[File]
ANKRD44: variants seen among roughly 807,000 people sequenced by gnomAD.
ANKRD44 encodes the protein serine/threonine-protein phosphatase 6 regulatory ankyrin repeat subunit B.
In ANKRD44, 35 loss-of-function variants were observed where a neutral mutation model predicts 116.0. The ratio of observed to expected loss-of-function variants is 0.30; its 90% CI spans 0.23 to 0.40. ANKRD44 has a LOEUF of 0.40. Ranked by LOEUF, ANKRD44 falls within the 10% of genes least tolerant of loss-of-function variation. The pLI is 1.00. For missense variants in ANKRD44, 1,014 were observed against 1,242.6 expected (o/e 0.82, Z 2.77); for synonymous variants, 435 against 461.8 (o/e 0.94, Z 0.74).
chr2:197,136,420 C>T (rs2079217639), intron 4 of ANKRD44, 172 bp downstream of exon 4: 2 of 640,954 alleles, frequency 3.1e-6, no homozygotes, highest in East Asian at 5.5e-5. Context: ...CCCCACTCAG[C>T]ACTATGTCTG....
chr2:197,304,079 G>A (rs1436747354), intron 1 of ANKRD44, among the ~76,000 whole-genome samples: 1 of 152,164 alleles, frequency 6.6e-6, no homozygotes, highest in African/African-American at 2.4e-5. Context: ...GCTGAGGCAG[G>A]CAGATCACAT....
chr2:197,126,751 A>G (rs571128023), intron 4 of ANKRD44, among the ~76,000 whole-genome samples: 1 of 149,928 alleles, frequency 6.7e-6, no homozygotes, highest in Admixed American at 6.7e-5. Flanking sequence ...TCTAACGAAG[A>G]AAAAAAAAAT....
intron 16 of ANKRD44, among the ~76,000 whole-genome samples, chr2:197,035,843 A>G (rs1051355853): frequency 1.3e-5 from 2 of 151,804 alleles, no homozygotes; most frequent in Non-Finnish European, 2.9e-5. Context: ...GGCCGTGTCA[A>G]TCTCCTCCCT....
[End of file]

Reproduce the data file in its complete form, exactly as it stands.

ANKRD44: variants seen among roughly 807,000 people sequenced by gnomAD.
ANKRD44 encodes the protein serine/threonine-protein phosphatase 6 regulatory ankyrin repeat subunit B.
In ANKRD44, 35 loss-of-function variants were observed where a neutral mutation model predicts 116.0. The ratio of observed to expected loss-of-function variants is 0.30; its 90% CI spans 0.23 to 0.40. ANKRD44 has a LOEUF of 0.40. Ranked by LOEUF, ANKRD44 falls within the 10% of genes least tolerant of loss-of-function variation. The pLI is 1.00. For missense variants in ANKRD44, 1,014 were observed against 1,242.6 expected (o/e 0.82, Z 2.77); for synonymous variants, 435 against 461.8 (o/e 0.94, Z 0.74).
chr2:197,136,420 C>T (rs2079217639), intron 4 of ANKRD44, 172 bp downstream of exon 4: 2 of 640,954 alleles, frequency 3.1e-6, no homozygotes, highest in East Asian at 5.5e-5. Context: ...CCCCACTCAG[C>T]ACTATGTCTG....
chr2:197,304,079 G>A (rs1436747354), intron 1 of ANKRD44, among the ~76,000 whole-genome samples: 1 of 152,164 alleles, frequency 6.6e-6, no homozygotes, highest in African/African-American at 2.4e-5. Context: ...GCTGAGGCAG[G>A]CAGATCACAT....
chr2:197,126,751 A>G (rs571128023), intron 4 of ANKRD44, among the ~76,000 whole-genome samples: 1 of 149,928 alleles, frequency 6.7e-6, no homozygotes, highest in Admixed American at 6.7e-5. Flanking sequence ...TCTAACGAAG[A>G]AAAAAAAAAT....
intron 16 of ANKRD44, among the ~76,000 whole-genome samples, chr2:197,035,843 A>G (rs1051355853): frequency 1.3e-5 from 2 of 151,804 alleles, no homozygotes; most frequent in Non-Finnish European, 2.9e-5. Context: ...GGCCGTGTCA[A>G]TCTCCTCCCT....